In all fairness, there’s a rotating carousel of blame to be pointed out, as Lipovski himself doesn’t do a damned thing to salvage Wilkinson’s St. Patty’s Day inspired, paint-by-numbers screenplay, miraculously finding visually unappealing ways to deliver scenes without any resemblances of horror. Easiest to point out are blurry camera tricks that hide Postl’s costume, as I’m sure you could see a giant zipper if Lipovski’s Leprechaun were shown without being hidden. All this proves is a lack of confidence in the film’s antagonist, like the filmmaker figured he’d cut his losses and hope audiences never wanted an uninterrupted monster reveal. Oh, and what’s up with the Leprechaun’s Predator mode? Whenever characters attempt to flee the clutches of this pint-sized pest, we enter a first-person camera mode that only detects heat – another confusing inclusion that distances Leprechaun: Origins even farther from the Warwick-Davis-starring superiority. Lipovski struggles mightily with capable pacing, proper shot construction and fresh thinking, creating a watch that simply runs through the motions without even the slightest notion of excitement. It’s almost as if the entire crew found themselves locked on set and couldn’t leave until the final scene wrapped, so everyone rushed through production with the end-goal being a “horror movie” in the broadest sense of such a term.
Throwing another dart at the “Blame Board,” you’ll either find yourself suffering through characters who mumble Irish jargon that could have benefitted from subtitling, or watch in awe as a group of “friends” show absolutely no respect for each other’s lives. Brendan Fletcher’s character David has his leg slashed open early on, obviously providing a serious obstacle when running from the Leprechaun, yet not a single one of his friends ever tries to aid in his escape. A silly lack of emotionality is shown while David limps behind three able-bodied friends who could easily carry him, but no, that’d be asking too much from characters who can barely muster a non-groan-worthy conversation while an angry dwarf in a bad Halloween costume bangs on their door. In comparison, poor acting becomes the least of Lipovski’s worries, but once again, such a deterrent can’t be ignored. Without being able to muster a single shred of sympathy for any character, including a sexy historian who becomes Lipovski’s survivor girl, these boneheaded victims rank with horror’s worst stereotypes, devolving into one of many problems that prevent this latest Leprechaun adventure from resembling anything reminiscent of a fun-fueled watch.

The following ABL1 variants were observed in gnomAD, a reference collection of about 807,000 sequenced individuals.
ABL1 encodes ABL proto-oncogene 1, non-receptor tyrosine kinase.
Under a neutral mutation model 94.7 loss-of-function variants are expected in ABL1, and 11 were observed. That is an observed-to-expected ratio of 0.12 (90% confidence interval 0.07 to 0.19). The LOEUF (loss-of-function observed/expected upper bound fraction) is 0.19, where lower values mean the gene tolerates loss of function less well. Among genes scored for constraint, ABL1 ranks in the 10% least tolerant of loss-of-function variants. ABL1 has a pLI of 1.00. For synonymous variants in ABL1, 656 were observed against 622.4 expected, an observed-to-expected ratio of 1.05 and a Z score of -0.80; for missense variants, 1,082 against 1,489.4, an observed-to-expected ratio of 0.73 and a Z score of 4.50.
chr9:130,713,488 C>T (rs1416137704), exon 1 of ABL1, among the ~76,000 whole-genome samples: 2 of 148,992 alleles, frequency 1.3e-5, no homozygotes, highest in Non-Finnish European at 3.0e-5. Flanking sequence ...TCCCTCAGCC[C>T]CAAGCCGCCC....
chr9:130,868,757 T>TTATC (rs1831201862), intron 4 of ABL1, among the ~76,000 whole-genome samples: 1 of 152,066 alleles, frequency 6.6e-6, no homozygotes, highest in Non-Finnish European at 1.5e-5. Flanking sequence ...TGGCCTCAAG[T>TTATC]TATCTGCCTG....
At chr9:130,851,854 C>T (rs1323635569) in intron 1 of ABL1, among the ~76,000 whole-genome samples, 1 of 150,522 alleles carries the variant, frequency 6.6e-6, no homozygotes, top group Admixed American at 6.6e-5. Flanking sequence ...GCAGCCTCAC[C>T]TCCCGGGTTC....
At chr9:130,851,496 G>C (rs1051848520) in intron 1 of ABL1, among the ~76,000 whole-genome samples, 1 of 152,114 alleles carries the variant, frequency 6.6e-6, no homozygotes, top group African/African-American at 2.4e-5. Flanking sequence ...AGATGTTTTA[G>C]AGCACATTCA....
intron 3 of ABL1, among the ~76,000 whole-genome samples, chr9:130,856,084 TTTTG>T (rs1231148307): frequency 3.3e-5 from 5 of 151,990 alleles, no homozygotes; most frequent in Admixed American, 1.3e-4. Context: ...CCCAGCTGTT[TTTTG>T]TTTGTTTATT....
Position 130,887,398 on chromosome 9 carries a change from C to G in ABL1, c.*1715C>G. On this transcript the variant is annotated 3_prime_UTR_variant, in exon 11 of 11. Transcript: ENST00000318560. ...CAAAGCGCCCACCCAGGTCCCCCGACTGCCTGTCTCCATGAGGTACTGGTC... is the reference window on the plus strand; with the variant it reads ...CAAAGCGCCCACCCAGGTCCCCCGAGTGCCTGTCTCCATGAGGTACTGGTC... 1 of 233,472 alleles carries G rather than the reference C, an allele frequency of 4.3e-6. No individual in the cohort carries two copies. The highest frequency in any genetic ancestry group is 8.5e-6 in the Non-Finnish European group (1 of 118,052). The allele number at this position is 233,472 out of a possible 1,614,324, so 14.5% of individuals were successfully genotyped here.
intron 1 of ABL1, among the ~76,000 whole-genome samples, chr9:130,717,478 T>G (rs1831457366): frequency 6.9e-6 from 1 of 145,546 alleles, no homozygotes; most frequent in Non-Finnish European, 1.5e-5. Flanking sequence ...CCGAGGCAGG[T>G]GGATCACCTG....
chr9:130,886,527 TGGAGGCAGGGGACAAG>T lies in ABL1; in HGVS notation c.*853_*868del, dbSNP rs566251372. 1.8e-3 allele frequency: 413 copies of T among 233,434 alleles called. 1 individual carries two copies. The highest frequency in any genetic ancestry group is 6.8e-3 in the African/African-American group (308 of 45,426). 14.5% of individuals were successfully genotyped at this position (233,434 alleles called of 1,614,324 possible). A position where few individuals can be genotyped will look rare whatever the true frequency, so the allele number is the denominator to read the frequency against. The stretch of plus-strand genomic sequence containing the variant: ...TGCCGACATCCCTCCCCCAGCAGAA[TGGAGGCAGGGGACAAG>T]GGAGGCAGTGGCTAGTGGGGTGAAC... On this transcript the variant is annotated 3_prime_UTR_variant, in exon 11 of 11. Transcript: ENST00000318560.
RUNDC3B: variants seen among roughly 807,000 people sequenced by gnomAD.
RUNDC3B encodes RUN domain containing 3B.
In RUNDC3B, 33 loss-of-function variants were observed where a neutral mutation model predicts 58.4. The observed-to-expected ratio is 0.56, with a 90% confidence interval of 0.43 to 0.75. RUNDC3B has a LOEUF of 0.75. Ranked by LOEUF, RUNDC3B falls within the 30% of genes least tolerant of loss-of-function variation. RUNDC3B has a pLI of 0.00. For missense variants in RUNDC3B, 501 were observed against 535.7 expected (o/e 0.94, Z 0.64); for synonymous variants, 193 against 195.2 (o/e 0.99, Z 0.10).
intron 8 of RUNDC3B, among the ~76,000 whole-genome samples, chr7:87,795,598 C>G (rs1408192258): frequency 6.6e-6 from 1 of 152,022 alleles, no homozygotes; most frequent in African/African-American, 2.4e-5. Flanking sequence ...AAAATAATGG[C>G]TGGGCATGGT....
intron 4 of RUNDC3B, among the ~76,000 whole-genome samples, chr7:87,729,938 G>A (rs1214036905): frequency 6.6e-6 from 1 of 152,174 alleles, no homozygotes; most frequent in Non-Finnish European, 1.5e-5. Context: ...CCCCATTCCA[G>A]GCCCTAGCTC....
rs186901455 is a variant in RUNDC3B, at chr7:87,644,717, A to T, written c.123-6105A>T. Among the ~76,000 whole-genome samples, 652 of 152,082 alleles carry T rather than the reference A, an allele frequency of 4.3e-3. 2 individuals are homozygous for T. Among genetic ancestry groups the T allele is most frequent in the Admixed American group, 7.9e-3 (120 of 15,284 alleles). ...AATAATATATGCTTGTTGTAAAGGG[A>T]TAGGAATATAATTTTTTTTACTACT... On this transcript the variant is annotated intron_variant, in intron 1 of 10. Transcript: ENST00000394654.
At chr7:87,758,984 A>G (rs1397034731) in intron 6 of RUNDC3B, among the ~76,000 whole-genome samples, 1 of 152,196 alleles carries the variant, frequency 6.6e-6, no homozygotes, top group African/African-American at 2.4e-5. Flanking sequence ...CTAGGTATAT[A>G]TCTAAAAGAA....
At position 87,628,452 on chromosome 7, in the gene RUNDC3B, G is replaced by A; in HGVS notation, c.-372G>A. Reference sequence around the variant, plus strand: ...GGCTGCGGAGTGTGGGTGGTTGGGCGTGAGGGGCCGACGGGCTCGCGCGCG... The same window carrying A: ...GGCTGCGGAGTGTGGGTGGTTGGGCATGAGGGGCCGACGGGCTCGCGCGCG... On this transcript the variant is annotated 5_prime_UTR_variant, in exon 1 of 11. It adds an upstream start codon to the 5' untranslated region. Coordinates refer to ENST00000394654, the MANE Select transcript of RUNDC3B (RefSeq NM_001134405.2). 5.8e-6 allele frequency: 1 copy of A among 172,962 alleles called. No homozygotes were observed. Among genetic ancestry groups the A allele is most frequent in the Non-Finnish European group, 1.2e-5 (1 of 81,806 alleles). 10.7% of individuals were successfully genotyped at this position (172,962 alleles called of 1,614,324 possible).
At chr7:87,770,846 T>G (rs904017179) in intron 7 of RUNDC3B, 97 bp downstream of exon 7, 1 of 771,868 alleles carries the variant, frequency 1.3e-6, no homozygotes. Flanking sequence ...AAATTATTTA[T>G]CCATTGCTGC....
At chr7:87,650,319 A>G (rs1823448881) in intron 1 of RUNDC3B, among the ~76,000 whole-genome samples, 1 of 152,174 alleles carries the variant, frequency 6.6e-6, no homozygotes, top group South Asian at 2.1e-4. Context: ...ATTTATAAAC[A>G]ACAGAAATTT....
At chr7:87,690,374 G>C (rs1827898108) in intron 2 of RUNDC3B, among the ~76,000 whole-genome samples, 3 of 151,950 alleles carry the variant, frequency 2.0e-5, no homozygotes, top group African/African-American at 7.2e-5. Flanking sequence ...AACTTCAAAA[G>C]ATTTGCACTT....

Leprechaun: Origins should be locked away and forgotten forever, possibly haunted by a curse so if any bumbling idiots accidentally uncover its existence, they’re removed from the Earth along with their newfound knowledge. It doesn’t matter how big a Dylan Postl fan you are, because Hornswoggle doesn’t exist in Lipovski’s film – just some muffled, joke of a beast that doesn’t intimidate in the least. It’s with full confidence I proclaim that if Postl’s Leprechaun ever made an advance on me, I’d kick the tiny bastard in the face and walk away unscathed. Sounds frightening, right? Honestly, the scariest bit of Lipovski’s vision is how blatantly stolen most scenes feel, be it the “long grass” scene from Jurassic Park: The Lost World or detailed costume rips from Red Clover, but what else do you expect from an unintelligible cash-in short on reveals, lacking on death scenes, and heavy on infuriating redundancy? Why, a Lucky Charms joke, of course! Yup.
Here’s to hoping this curse is buried for good, never again able to disappoint fans of horror, Leprechauns or the WWE.
Leprechaun: Origins isn't just bad - it's downright insulting. Lipovski's film is nothing but a series of bad choices, worse execution and infuriating redundancy, highlighting the ugliness that comes along with exploiting horror instead of respecting it.